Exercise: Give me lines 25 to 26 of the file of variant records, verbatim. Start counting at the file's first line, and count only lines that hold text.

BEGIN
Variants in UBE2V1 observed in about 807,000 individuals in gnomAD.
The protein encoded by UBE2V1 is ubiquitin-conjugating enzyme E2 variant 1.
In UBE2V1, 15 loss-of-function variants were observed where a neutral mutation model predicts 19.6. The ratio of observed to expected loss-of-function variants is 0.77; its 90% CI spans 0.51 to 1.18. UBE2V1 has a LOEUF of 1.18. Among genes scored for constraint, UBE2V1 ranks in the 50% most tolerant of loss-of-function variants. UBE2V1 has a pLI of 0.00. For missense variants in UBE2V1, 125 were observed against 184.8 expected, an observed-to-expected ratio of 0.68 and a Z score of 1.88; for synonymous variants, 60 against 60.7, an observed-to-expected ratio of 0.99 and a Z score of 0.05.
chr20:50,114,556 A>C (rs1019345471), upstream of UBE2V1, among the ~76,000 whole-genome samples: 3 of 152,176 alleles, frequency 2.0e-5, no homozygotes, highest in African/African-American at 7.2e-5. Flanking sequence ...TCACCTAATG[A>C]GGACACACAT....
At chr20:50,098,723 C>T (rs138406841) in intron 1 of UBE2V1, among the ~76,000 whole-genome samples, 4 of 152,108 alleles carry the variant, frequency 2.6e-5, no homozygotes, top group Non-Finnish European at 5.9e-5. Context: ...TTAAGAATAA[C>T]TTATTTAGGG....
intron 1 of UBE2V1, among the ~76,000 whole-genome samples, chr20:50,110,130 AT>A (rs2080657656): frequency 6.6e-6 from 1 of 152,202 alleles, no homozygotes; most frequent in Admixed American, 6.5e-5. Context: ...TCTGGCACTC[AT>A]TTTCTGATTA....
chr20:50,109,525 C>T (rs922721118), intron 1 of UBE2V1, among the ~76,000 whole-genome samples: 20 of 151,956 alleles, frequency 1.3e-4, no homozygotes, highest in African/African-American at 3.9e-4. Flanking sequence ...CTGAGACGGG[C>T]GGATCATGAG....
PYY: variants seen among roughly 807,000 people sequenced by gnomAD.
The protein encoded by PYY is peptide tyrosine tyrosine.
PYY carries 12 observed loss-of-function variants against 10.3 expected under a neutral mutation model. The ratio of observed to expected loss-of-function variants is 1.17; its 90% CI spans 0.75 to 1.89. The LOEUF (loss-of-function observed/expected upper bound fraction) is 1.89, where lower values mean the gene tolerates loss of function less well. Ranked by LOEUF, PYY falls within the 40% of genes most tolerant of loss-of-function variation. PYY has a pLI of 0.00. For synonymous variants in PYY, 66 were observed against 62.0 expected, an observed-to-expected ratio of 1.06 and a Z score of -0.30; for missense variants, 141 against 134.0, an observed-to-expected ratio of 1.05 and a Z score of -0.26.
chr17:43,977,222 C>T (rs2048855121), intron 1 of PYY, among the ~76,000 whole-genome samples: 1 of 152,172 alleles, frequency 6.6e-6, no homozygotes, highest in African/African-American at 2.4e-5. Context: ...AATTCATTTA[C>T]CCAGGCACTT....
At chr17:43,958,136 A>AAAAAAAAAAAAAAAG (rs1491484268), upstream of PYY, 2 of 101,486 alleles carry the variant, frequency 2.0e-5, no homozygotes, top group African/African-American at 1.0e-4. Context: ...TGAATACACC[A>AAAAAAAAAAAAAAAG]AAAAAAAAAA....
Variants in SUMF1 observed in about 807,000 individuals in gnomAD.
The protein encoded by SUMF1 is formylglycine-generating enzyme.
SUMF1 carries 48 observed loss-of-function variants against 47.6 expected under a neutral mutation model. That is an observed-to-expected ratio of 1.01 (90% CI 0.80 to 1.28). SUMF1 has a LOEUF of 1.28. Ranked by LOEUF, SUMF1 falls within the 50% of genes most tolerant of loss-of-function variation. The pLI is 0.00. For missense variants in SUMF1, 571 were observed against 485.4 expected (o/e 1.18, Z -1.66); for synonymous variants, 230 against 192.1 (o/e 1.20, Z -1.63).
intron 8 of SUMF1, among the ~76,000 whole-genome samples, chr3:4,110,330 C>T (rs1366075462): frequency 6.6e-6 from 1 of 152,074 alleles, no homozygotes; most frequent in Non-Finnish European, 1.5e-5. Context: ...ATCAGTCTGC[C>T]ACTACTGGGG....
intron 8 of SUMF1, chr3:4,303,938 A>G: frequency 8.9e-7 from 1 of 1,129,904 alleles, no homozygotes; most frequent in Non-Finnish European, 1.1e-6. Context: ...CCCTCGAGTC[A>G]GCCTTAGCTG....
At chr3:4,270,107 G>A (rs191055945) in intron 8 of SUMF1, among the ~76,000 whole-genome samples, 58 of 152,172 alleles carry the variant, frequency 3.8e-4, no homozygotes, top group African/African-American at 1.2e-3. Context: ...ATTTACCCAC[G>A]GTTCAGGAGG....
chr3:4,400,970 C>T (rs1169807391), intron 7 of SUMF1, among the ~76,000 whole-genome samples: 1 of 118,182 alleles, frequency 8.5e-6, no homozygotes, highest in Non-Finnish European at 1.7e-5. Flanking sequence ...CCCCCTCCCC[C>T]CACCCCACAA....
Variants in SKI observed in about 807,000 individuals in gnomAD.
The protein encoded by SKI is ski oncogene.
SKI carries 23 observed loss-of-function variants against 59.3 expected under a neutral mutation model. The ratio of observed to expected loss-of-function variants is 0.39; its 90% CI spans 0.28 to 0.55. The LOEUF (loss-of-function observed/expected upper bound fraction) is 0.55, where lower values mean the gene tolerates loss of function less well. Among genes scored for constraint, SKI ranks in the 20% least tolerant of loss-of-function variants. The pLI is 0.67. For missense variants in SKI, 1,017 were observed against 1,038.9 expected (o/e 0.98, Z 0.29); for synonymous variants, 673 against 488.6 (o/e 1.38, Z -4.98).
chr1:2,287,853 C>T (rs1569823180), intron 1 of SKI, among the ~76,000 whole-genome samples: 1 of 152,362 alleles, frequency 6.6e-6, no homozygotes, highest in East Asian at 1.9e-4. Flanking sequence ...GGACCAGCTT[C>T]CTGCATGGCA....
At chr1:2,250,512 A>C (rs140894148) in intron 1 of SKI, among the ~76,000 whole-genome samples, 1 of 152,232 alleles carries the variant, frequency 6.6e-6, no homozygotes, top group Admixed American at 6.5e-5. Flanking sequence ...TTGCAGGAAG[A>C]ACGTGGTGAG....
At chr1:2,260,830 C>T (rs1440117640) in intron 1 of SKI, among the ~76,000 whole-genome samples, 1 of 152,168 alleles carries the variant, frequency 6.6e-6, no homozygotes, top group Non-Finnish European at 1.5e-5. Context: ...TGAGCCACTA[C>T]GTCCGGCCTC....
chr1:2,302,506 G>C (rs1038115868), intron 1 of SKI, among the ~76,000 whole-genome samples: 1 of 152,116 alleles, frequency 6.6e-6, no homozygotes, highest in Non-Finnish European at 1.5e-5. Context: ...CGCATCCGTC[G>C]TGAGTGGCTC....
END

At chr1:2,260,830 C>T (rs1440117640) in intron 1 of SKI, among the ~76,000 whole-genome samples, 1 of 152,168 alleles carries the variant, frequency 6.6e-6, no homozygotes, top group Non-Finnish European at 1.5e-5. Context: ...TGAGCCACTA[C>T]GTCCGGCCTC....
chr1:2,302,506 G>C (rs1038115868), intron 1 of SKI, among the ~76,000 whole-genome samples: 1 of 152,116 alleles, frequency 6.6e-6, no homozygotes, highest in Non-Finnish European at 1.5e-5. Context: ...CGCATCCGTC[G>C]TGAGTGGCTC....